August 2021: Charles Bukowski’s “This” & Pantera’s “A New Level”

August is the birth month of my favorite poet Charles Bukowski; he would’ve been 101 this year. The poem I’m going to discuss is called “This” and it’s from The Roominghouse Madrigals: Early Selected Poems 1946-1966 (2000), the single most important poetry book I own. The cover is faded and the top corner of it is missing; many pages have been dog-eared. In my opinion, this book contains Bukowski’s best work because it shows the range he had even at the very beginning of his poetry career and the immediate strength of his voice. It also shows how ahead of the times he was in terms of poetic experimentation and expression. I discovered him when I was twenty and bought a good portion of his books at that time; this book was the one that stood out to me the most and has continued to serve as my primary poetic influence.

“This” is my favorite poem by Bukowski because it captures all of his strengths as a poet: the natural voice, the earthy images, the rhythmic style, and his apolitical mindset (that was more anarchic than dismissive toward political/societal concerns in my opinion). Here is the first half of the poem:

I have refused the discipline
of Art and Government and
God and all that which
destroys my seeming
and lifting my beer now
in the golden afternoon
I have it:
plateaus of softness, wire
leaves, spirit of the sidewalks
walls that weep like old paintings
everything real, not bent,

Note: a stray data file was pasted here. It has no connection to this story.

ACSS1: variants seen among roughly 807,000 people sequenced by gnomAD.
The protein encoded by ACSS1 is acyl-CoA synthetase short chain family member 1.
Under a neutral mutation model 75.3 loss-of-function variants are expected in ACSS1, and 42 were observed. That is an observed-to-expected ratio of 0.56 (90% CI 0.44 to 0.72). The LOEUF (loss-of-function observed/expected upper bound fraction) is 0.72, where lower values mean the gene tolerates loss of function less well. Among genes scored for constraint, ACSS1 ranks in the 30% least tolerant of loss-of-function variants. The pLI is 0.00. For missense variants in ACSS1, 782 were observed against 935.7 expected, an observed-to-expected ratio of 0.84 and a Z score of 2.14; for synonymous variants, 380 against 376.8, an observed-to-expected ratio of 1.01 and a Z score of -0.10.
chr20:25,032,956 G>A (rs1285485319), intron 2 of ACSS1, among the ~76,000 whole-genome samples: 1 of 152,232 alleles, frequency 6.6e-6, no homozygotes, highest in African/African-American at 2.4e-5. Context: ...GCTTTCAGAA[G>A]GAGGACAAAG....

What I love so much about this poem is its straightforward declaration at the beginning: “I have refused the discipline / of Art and Government and / God and all that which / destroys my seeming.” Not only does it set the tone for the entire poem, it is an outright rejection of societal oppression which typically comes in the form of “Art,” “Government,” and “God.” This has always read as anarchic to me, although I don’t think Bukowski was thinking about anarchism when he wrote this poem. Here, there is a clear denouncement of anything that “destroys my seeming”—anything that attempts to force the speaker to go against his natural instincts. After lifting his beer to solidify his truth, the speaker declares “I have it” and lists a series of images that give him satisfaction: “plateaus of softness,” “wire / leaves,” “spirit of the sidewalks,” “walls that weep like old paintings,” and “everything real, not bent.” The images are down-to-earth and seemingly unpoetic in the traditional sense, but for the speaker, these images exist in his environment and he celebrates them because they are authentic. The last image—“everything real, not bent” is a metaphorical image because it encompasses all the images the came before it and reinforces the speaker’s desire to inhabit a true-to-life world rather than a world that has been constructed to be aesthetically pleasing. Here is the last half of the poem: